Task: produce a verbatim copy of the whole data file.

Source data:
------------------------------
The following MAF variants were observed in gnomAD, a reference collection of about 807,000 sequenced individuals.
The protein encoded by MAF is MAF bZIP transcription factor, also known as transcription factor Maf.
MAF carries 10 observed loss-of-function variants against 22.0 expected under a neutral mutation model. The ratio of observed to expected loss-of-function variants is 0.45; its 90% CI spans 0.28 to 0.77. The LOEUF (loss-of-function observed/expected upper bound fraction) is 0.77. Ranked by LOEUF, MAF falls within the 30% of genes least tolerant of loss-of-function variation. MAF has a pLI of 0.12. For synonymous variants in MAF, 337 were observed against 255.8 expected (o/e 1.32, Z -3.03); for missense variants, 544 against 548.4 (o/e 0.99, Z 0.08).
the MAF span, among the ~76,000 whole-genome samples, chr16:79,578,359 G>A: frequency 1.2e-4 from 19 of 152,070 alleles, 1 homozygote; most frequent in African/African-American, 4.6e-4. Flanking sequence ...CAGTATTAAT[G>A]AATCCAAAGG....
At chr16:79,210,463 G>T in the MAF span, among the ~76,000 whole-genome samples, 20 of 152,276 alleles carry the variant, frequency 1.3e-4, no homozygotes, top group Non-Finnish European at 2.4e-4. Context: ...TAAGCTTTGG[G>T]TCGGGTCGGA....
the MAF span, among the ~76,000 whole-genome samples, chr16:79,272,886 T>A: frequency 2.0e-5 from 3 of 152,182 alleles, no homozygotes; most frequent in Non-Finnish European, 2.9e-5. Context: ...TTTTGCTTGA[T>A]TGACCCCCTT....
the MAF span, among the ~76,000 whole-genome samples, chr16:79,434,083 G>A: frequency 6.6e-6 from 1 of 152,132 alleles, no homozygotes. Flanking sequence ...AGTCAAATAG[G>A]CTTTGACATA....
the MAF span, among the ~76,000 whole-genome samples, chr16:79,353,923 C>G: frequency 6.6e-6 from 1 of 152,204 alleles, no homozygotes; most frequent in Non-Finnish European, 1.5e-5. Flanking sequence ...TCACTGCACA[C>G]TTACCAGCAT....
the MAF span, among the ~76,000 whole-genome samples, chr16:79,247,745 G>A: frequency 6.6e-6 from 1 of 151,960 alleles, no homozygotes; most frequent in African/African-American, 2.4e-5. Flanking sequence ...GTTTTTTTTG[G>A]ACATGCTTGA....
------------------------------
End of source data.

The following MAF variants were observed in gnomAD, a reference collection of about 807,000 sequenced individuals.
The protein encoded by MAF is MAF bZIP transcription factor, also known as transcription factor Maf.
MAF carries 10 observed loss-of-function variants against 22.0 expected under a neutral mutation model. The ratio of observed to expected loss-of-function variants is 0.45; its 90% CI spans 0.28 to 0.77. The LOEUF (loss-of-function observed/expected upper bound fraction) is 0.77. Ranked by LOEUF, MAF falls within the 30% of genes least tolerant of loss-of-function variation. MAF has a pLI of 0.12. For synonymous variants in MAF, 337 were observed against 255.8 expected (o/e 1.32, Z -3.03); for missense variants, 544 against 548.4 (o/e 0.99, Z 0.08).
the MAF span, among the ~76,000 whole-genome samples, chr16:79,578,359 G>A: frequency 1.2e-4 from 19 of 152,070 alleles, 1 homozygote; most frequent in African/African-American, 4.6e-4. Flanking sequence ...CAGTATTAAT[G>A]AATCCAAAGG....
At chr16:79,210,463 G>T in the MAF span, among the ~76,000 whole-genome samples, 20 of 152,276 alleles carry the variant, frequency 1.3e-4, no homozygotes, top group Non-Finnish European at 2.4e-4. Context: ...TAAGCTTTGG[G>T]TCGGGTCGGA....
the MAF span, among the ~76,000 whole-genome samples, chr16:79,272,886 T>A: frequency 2.0e-5 from 3 of 152,182 alleles, no homozygotes; most frequent in Non-Finnish European, 2.9e-5. Context: ...TTTTGCTTGA[T>A]TGACCCCCTT....
the MAF span, among the ~76,000 whole-genome samples, chr16:79,434,083 G>A: frequency 6.6e-6 from 1 of 152,132 alleles, no homozygotes. Flanking sequence ...AGTCAAATAG[G>A]CTTTGACATA....
the MAF span, among the ~76,000 whole-genome samples, chr16:79,353,923 C>G: frequency 6.6e-6 from 1 of 152,204 alleles, no homozygotes; most frequent in Non-Finnish European, 1.5e-5. Flanking sequence ...TCACTGCACA[C>G]TTACCAGCAT....
the MAF span, among the ~76,000 whole-genome samples, chr16:79,247,745 G>A: frequency 6.6e-6 from 1 of 151,960 alleles, no homozygotes; most frequent in African/African-American, 2.4e-5. Flanking sequence ...GTTTTTTTTG[G>A]ACATGCTTGA....